There’s nothing wrong with the NBA All-Star game.
The league has it right where it likes it. A 3 day celebrity celebration, laden with corporate sponsors attaching their names to every silly little event (including a fashion show?!). The players like it. Hollywood likes it. TNT likes it. And core basketball fans like it.
If you have a hangnail and don’t feel like playing… fine.
If you are getting ready to “shut it down” for the season because of a bad knee, but still want to play in front of your hometown fans… fine.
If you need to make the most absurd excuses to never enter the dunk contest despite being the high-flying face of the league… fine.
Last I checked, the game sells out easily, and there are no shortage of teams and cities who are ready to host it.
That said, it’s pretty silly what the actual 48 minute “game” has become. It is light years away from what it used to look like back in the NBA’s hey-day 80’s. Sure the scores were still high. Sure, players made crazy, ill-advised passes they would never make in a real game.
But at least the game looked like… A GAME. Don’t believe me? Here, watch the top-10 plays from 1983.
Yes, that’s right. Dr. J sprinted down court to reject Gus Williams at the rim, even (gasp!) knocking him over! Artis Gilmore elevated to 14 feet above sea level to try to block at Dr. J dunk. (Boom… roasted!) Players actually ran hard up and down the whole court, and didn’t just melt away defensively once an offensive player approached the paint.
Compare that highlight reel to this year’s, which you can watch here at NBA.com – although they unfortunately don’t let me or other bloggers “Embed” it for your convenience.
I mean, it’s night and day.
Oh, and one more thing: in 1983, both teams combined to attempt four (4) three-pointers. For the whole game. FOUR. In this year’s event, they shot 133.
That is not a misprint.
In 1983 there were 39 personal fouls called. This year, just nine.
Again, not that I care – because I just stated the league is doing just fine with this event as is – but wouldn’t the game be a touch more watchable if it actually resembled a game? Is the risk of injury so great, so feared, that you can’t at least watch the best players in the world grind against each other a little in the 4th quarter?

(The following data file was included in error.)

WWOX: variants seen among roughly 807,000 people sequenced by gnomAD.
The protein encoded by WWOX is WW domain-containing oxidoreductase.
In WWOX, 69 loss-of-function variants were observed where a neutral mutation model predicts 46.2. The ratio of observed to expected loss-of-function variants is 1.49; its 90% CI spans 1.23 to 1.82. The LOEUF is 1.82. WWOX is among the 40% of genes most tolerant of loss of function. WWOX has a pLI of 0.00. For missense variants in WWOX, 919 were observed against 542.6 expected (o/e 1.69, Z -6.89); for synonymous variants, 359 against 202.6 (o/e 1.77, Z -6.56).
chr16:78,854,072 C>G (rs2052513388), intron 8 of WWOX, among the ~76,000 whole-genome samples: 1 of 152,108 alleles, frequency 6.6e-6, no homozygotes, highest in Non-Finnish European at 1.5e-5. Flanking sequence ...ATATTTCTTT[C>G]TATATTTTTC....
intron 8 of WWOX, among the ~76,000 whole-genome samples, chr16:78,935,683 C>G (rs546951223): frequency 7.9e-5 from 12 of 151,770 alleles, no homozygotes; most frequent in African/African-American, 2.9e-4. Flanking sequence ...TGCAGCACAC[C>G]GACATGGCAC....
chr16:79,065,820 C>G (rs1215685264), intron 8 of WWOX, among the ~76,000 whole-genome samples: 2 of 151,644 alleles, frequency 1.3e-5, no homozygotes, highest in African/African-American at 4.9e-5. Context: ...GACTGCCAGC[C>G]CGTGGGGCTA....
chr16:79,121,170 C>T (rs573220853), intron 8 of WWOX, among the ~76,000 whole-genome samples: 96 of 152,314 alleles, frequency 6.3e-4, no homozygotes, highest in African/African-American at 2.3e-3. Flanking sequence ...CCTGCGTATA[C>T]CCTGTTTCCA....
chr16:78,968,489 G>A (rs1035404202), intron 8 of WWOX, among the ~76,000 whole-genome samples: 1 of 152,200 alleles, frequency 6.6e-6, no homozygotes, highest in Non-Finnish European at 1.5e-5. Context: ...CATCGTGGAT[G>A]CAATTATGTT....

This is problem for basically ALL of the major sport’s “All-Star” games. The money is now so great, and each player is a mini-corporation, that it’s just too easy to pretend like these exhibitions don’t even need to look like an actual game.
I will concede that in football, it’s insanity to play a full tempo tackle football game, after a long and brutal season, with only a week of practice in Hawaii to get everyone on the same page. NFL, you are excused.
NHL, I’m going to send you home too, because at least in the Olympics every 4 years, we get a spectacular, full blooded round-robin “All-Star” tournament that now includes full NHL participation. And given hockey’s higher potential for injury, I can understand why the All-Star game is a glorified stick-n-shoot. NHL, you are excused.
MLB, you have made a stride in the right direction by making the game count for something, no matter what the purists say. When ball players were literally in the air on private jets (literally!) while the game was winding down in the 9th inning, you knew there was a problem. At least in baseball, when a pitcher throws, he’s throwing at actual game velocity, and there are no restrictions on types of pitches thrown And the batters are trying their hardest to get a hit, and when the ball is in play, outfielders don’t just melt away and let a guy get an inside-the-park home run. MLB, you are excused.
Now, NBA… I ask you: don’t you want to at least stop this game from becoming even more of a joke? Is a 205-203 game coming in 5 years? Would it be awesome, or stupid?
As one writer put it Sunday night: “If the NBA All-Star game was so amazing, how come you could hear a pin drop throughout most of the game at Madison Square Garden.”
Just go back and watch those highlights from 1983. A better product might be easily produced, with just a few tweaks.